The introduction of a water channel changes the number of fuel rods 4 but not the
number of fuel rod positions.
Figure 2a shows an alternative embodiment of a fuel assembly according
to the invention. Figure 2a shows a horizontal section through the fuel assembly
which is provided with an internally arranged vertical channel 14a through which
water is conducted in a vertical direction from below and upwards through the
fuel assembly. The channel 14a is surrounded by a tube 9a with a substantially
square cross section. The fuel units 3 are kept in position by being fitted onto
the tube which surrounds the vertical channel 14a.
Figure 2b shows an additional embodiment of a fuel assembly according
to the invention. The figure shows a horizontal section through the fuel assembly
which is provided with two centrally arranged vertical water rods 14b through which
water is conducted from below and upwards through the fuel assembly. The water
rods 14b have a diameter which is somewhat larger than the diameter of the fuel
rods 4 and are formed with a substantially circular cross section. The fuel units
3 are kept in position by being fitted onto the water rods 14b.
Figure 3 shows a pressurized-water fuel assembly of square cross
section. In the same way as the fuel assembly in Figure 1, it comprises a plurality
of fuel units 3 stacked on top of each other. Each fuel unit 3 comprises a plurality
of fuel rods 4 arranged in parallel and in spaced relationship to each other in
a given lattice. Each fuel unit 3 further comprises a top tie plate 5 and a bottom
tie plate 6 for attachment of the fuel rods 4 in their respective positions in
the lattice. The fuel units 3 are stacked on top of each other in the longitudinal
direction of the fuel assembly and they are stacked in such a way that the top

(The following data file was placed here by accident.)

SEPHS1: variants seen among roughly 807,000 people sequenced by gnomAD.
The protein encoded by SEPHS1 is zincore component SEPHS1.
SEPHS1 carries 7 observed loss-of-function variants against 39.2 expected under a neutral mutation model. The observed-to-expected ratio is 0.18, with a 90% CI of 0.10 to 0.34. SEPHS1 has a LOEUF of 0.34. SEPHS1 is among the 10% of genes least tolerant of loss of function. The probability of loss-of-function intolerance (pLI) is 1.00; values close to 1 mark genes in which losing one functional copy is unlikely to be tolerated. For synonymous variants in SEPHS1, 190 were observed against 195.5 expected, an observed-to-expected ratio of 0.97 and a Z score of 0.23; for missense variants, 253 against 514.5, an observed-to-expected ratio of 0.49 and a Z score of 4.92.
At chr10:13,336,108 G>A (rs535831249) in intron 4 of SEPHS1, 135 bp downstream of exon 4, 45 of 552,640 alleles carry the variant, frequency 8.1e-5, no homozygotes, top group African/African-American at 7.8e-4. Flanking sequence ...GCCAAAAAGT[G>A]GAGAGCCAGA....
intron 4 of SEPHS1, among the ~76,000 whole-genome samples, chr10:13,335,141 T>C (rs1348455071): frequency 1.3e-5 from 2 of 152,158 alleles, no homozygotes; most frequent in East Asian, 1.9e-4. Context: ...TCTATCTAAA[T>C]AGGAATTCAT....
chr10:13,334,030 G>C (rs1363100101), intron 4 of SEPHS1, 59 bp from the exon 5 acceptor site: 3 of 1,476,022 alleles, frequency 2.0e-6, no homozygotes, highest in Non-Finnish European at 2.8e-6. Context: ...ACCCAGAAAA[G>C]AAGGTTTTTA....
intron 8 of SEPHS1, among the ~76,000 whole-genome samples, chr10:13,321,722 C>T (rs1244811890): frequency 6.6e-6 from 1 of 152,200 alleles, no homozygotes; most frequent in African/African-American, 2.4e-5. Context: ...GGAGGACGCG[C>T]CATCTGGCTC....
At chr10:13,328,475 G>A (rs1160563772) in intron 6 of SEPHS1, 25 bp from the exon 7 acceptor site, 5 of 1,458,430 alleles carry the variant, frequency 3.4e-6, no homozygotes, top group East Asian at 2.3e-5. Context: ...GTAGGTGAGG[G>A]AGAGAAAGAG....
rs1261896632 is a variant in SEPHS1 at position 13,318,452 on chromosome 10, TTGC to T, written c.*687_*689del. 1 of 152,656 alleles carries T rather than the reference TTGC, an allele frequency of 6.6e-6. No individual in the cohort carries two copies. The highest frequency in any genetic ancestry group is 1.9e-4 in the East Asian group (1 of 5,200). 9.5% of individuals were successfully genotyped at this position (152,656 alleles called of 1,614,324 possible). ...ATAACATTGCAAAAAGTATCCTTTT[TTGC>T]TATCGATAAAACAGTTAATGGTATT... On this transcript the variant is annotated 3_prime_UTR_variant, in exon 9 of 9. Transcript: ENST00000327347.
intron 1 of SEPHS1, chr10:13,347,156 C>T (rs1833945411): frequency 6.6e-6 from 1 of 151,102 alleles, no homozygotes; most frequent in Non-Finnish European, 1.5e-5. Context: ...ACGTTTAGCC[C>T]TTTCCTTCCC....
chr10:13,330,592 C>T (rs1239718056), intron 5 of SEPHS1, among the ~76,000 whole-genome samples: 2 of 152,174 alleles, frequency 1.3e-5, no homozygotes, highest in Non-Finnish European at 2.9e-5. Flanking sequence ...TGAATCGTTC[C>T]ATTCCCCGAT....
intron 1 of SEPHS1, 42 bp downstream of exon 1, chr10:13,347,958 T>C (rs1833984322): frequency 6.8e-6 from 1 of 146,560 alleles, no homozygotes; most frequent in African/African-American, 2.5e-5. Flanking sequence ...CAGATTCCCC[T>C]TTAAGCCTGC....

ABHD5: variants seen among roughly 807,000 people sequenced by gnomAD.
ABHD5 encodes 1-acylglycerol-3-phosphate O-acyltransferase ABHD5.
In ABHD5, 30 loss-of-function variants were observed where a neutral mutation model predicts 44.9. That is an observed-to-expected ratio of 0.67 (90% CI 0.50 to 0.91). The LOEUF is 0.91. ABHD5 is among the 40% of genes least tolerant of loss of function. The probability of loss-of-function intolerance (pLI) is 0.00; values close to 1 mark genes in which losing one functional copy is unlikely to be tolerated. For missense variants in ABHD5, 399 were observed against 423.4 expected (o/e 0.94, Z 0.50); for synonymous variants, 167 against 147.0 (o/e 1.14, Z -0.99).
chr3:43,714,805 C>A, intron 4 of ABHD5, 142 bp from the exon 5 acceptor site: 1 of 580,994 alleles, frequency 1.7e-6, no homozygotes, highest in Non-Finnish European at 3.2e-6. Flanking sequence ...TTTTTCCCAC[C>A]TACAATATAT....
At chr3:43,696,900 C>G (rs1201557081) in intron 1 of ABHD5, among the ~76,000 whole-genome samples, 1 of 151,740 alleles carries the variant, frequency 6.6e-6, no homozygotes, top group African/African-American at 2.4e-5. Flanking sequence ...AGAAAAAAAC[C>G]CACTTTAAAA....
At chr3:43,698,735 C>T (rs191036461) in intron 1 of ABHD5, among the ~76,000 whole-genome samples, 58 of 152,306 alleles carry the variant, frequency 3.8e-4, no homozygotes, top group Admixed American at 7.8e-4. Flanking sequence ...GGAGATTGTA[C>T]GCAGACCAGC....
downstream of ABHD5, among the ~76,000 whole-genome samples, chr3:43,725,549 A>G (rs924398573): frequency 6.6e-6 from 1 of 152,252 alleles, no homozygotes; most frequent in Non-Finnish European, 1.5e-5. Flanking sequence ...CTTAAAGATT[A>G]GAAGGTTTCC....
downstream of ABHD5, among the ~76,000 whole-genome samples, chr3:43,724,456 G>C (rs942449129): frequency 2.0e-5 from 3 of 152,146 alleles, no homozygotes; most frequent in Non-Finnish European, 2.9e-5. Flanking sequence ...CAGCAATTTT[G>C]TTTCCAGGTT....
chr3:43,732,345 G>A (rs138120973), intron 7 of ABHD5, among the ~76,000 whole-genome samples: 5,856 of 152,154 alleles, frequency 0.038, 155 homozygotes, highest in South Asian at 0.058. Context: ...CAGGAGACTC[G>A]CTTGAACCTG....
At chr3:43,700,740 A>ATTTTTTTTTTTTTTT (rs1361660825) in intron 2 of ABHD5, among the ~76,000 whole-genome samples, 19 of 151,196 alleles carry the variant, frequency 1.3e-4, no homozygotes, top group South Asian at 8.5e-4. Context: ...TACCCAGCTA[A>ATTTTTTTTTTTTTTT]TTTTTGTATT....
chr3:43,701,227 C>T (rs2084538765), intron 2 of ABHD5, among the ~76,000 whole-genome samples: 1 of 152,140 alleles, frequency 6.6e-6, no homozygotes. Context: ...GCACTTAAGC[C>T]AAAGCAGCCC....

tie plate 5 in one fuel unit 3 is facing the bottom tie plate 6 in the next fuel
unit 3 in the stack, and such that the fuel rods 4 in all the fuel elements 3 are
parallel to each other. A fuel rod 4 contains fissionable material in the form
of a stack of fuel pellets 7b of uranium arranged in a cladding tube 7a. A coolant
is adapted to flow from below and upwards through the fuel assembly. A number of
so-called control rod guide tubes 4b are arranged extending through the whole
fuel assembly. The control rod guide tubes 4b are intended to receive finger-shaped
control rods (not shown) which are inserted into and withdrawn from, respectively,
the guide tubes 4b for the purpose of controlling the power of the nuclear reactor.
The guide tubes extend between a top part 15 and a bottom part 16. The top part
15 is arranged above the uppermost fuel unit 3 in the fuel assembly and the bottom
part 16 is arranged below the lowermost fuel unit 3 in the fuel assembly. The fuel
units 3 are kept in position by being fitted onto the control rod guide tubes
Figure 4 shows a fuel rod 4 for a fuel assembly according to Figure
1 or Figure 3. The fuel rod 4 comprises, as mentioned above, a cladding tube 7a
and a stack of fuel pellets 7b arranged in the cladding tube. At the top, the cladding
tube 7a is sealed with a top plug 17 and at the bottom with a bottom plug 18.
The fuel rod 4 is formed with an inner cavity, an axial gap 19, in which fission
gases may accumulate. The axial gap 19 is also intended to permit thermal expansion
of the column of fuel pellets 7b.
A spacer 20 made of a zirconium-base alloy is arranged in the column
of fuel pellets 7b to achieve the axial gap 19 at the desired level in the fuel
rod. The axial gap 19 is arranged such that at least one fuel pellet 7b is arranged
between the axial gap and either the top plug 17 or the bottom plug 18 of the
fuel rod 4. The spacer 20 is formed as a sleeve with V-shaped skits 21 arranged
in the respective ends. The outer parts of the tongues 22 formed between the slits
are bent in towards the centre of the spacer 20 at an angle of the order of magnitude
of 100°. The spacer 20 is adapted to make contact, by its upper end, with a lower
end of a fuel pellet 7b and, by its lower end, to make contact with an upper end
of a fuel pellet 7b. This design of the spacer 20 permits the spacer to be deformed
in the axial direction when the fuel pellets 7b because of thermal expansion grow
in the axial direction. When the spacer 20 is deformed, it will make contact with
the inner surface of the cladding tube 7a. This means that the pellets column across
such a spacer 20, because of its friction against the cladding tube, also when
the pellets 7b shrink due to densification, is retained in its position. In this
way, axial gaps 19 are prevented from forming between the top plug 17 and the
fuel pellet 7b arranged at the top of the column.
The spacer 20 may, of course, be formed in many different ways. It
may, for example, be provided with an edge, folded towards the centre, without